The unknown centenary
This article is adapted from an assembly I gave on Monday, 14th May, 2012. You will see why the date is significant if you read on.
I consider that part of my job is to promote the image of the School Archive, To make people aware that we have an Archive, to tell them about what we have in it, to tell them things about the school`s history, to connect people with West Buckland`s past, and so on. It helps to feed that very human desire that most of us have – to know where we come from.
In order that these assemblies should offer a little more than thinly-disguised history lessons, I I am always on the lookout for a fact, a story, an anecdote, an ‘angle’ which might catch the interest. A useful starting point is often random useless information. Luckily, an Archivist never knows when he is going to come across such a titbit, which, with a little massaging, he can turn into a way of filling a few minutes on a weekday morning in the Memorial Hall.
This piece is a typical example of just such a scrap.
There is something special about the number 100, have you noticed? Nobody claps when a batsman reaches 99, but they don`t half clap when he reaches 100, and it`s only 1 per cent more. Your family don`t make a fuss when you reach your 99th birthday (well, they didn`t for me), but they really push the boat out when you make it to 100. Even the Queen sends you a telegram. So I`m looking forward.
Why a hundred? Is it the third digit? I shouldn`t think so. Nobody does much for the figure 101, or any of the others. Is it the two noughts? Maybe. If anybody reached his thousandth birthday, the celebrations would be world-shaking, wouldn`t they? I`m looking forward to that too.
What is this figure 100 to do with us today? Well, I`ll tell you. West Buckland is 100 years old this year, in fact this month. In ten days` time – 24th May.
Rubbish, you say; you`re right out of touch – been up in the Archive too long. West Buckland had its 150th anniversary four years ago. Well, yes – but only in a way. Because I`ve got news for you. A hundred and one years ago, West Buckland School did not exist.
Oh, there was a school here all right, but it wasn`t called West Buckland. It was called the Devon County School. It was the brain child of Revd. Joseph Lloyd Brereton. He conceived the idea of setting up a system of secondary schools for the whole country. Why? Because there weren`t any. Believe it or not, 160 years ago, secondary education in England, as a system, did not exist. Oh, yes, there were the posh, expensive public schools, like Eton and Harrow and Winchester. And some old town grammar schools. But no national system. There were millions of boys and girls whose education simply stopped at eleven – if indeed it had even started.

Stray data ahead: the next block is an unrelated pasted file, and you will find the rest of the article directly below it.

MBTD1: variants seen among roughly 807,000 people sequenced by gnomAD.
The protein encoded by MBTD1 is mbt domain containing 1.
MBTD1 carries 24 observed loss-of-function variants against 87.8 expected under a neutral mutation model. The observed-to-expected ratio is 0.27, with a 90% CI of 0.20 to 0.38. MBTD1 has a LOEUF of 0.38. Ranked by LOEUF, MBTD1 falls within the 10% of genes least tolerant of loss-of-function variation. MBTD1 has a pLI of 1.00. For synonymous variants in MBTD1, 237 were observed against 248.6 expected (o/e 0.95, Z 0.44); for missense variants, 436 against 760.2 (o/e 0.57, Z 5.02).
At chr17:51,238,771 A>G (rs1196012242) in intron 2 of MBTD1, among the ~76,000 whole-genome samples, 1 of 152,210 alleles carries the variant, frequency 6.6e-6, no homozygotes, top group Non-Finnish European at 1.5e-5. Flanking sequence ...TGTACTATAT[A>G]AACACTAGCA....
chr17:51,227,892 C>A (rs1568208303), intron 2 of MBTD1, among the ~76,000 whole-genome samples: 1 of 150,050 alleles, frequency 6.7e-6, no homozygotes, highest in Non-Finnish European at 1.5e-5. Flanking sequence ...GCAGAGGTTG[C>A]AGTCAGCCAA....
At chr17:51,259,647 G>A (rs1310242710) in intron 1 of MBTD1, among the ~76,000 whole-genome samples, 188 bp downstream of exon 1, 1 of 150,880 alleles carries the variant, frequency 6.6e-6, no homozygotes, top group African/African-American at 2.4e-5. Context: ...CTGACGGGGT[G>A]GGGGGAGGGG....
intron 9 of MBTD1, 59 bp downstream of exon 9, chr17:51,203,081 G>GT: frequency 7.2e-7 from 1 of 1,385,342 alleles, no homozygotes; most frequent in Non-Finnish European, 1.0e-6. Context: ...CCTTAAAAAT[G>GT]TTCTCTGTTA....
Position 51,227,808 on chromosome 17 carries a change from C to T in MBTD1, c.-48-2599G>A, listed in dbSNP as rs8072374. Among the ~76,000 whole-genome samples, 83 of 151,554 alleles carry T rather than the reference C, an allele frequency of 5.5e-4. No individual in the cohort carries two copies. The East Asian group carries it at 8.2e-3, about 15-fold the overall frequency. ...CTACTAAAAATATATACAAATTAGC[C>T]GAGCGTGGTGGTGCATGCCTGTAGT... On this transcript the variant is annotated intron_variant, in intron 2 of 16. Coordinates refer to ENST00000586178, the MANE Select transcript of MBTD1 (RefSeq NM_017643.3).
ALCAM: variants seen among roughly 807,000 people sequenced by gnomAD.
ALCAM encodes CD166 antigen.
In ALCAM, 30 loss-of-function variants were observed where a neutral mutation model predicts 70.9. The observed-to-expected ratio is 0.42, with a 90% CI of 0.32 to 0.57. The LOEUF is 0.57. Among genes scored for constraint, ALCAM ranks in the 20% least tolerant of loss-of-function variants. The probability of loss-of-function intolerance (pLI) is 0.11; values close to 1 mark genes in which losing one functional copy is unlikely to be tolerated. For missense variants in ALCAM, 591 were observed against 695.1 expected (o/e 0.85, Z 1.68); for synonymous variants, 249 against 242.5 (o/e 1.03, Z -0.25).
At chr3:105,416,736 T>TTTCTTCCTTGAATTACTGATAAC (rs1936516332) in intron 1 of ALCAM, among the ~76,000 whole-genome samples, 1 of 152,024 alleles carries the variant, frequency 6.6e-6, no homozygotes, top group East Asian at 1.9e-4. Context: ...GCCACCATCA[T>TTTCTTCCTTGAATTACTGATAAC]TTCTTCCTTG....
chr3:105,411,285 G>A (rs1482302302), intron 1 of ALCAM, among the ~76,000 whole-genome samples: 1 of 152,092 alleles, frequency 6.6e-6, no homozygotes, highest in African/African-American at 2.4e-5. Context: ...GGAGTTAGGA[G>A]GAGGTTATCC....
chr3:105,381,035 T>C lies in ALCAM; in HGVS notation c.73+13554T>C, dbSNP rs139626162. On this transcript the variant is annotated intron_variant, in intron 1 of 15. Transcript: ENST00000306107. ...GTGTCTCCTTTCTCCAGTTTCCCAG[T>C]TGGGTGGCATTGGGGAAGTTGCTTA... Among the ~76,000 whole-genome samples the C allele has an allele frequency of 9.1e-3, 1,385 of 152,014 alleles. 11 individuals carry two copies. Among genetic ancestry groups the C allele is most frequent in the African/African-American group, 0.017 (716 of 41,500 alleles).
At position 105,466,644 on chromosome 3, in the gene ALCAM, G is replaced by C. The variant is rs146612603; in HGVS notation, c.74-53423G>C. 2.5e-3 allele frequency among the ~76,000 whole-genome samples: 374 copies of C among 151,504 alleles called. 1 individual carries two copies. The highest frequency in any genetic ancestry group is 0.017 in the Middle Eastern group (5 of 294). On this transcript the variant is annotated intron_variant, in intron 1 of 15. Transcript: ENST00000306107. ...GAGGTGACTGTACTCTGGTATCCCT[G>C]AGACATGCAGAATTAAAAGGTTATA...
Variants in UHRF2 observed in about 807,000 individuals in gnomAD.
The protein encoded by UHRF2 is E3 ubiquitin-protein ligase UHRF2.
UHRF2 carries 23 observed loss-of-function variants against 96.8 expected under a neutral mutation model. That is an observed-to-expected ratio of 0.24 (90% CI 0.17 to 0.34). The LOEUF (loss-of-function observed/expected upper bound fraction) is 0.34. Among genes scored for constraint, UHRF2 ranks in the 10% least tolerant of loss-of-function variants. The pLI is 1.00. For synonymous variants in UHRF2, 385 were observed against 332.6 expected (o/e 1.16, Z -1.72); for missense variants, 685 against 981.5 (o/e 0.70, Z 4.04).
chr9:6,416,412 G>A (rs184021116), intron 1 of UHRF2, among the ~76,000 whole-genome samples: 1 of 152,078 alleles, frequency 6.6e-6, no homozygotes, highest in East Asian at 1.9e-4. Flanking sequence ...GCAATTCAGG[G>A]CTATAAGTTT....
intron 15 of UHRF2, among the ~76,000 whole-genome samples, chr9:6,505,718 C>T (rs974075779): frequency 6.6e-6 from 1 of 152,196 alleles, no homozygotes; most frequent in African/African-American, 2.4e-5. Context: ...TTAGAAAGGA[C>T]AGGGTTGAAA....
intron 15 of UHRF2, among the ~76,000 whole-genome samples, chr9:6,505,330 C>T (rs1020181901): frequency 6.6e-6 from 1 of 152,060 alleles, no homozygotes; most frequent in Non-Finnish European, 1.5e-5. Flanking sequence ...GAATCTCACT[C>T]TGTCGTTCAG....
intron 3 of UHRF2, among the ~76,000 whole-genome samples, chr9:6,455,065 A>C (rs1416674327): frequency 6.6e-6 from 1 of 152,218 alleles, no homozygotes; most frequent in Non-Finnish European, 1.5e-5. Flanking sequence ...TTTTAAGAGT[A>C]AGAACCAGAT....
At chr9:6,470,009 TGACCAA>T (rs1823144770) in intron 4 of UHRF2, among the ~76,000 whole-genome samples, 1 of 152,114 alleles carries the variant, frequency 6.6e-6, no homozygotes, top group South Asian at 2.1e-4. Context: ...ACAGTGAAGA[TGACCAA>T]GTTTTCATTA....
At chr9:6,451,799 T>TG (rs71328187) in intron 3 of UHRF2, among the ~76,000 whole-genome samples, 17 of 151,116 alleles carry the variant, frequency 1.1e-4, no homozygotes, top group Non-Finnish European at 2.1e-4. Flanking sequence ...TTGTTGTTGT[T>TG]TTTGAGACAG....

Brereton wanted to set up a secondary school in every county for what he called the ‘middle class’ – with moderate fees and modern subjects like Science and practical Maths. No endless Latin and Greek and Bible-bashing. The first one was here – that`s why he called it the Devon County School. As the years went by, he had a hand in setting up county schools in Somerset, Hampshire, Gloucestershire, Bedfordshire, Surrey, Suffolk, Norfolk, Durham, and so on. But we were the first. Many of these schools failed, but the DCS – the Devon County School – survived.
It became something of a celebrity. It was a pioneer. Journalists wrote articles about it. Celebrities came and had a look – cabinet ministers, peers of the realm, famous writers, a couple of archbishops of Canterbury. Headmasters of other schools came to pick up a few ideas. The DCS came top of the league for public exam results in the whole country – three times running.
But it had a weak spot – its finance. It ran as a limited company, with shareholders, directors, and all. When times were bad – as all times are now and again – the share value fell, and the dividends could not be paid. The school came close to being shut down – twice. At the end of the 19th century, we were down to 31 pupils, in a school built to take 180.
There was another crisis in 1907, and we came within a whisker of closing yet again. This clearly could not go on. Directors, benefactors, wealthy old boys, members of the county authority, and local celebrities put their heads together. They agreed that there was no future in trying to make the creaky old Devon County School Company keep struggling. They went right back to square one.
They decided that the company would go into voluntary liquidation – if you like that it would commit suicide. This took time, because they had to persuade all the shareholders to give up their shares and so lose most of their money. When they had enough agreement, they set up a new school, with a board of governors. But no more shares and no more dividends. The school`s income was to be raised entirely by fees. All the money was to be spent on the school. The local education committee agreed to pay an annual grant as well, provided that the school gave some places to bright scholarship boys from local primary schools. (No girls – yet.) That was the deal.
A new headmaster was appointed who was going to make the deal work. Luckily, he did. And on Friday, 24th May, 1912, the ultimate, last, really, absolutely final meeting of the Devon County School Company took place in Bridge Buildings, Barnstaple. The very last papers were signed, and West Buckland School was born. A hundred years ago. So – for the birthday you didn`t know you had – many happy returns.
Berwick Coates, 15th January, 2021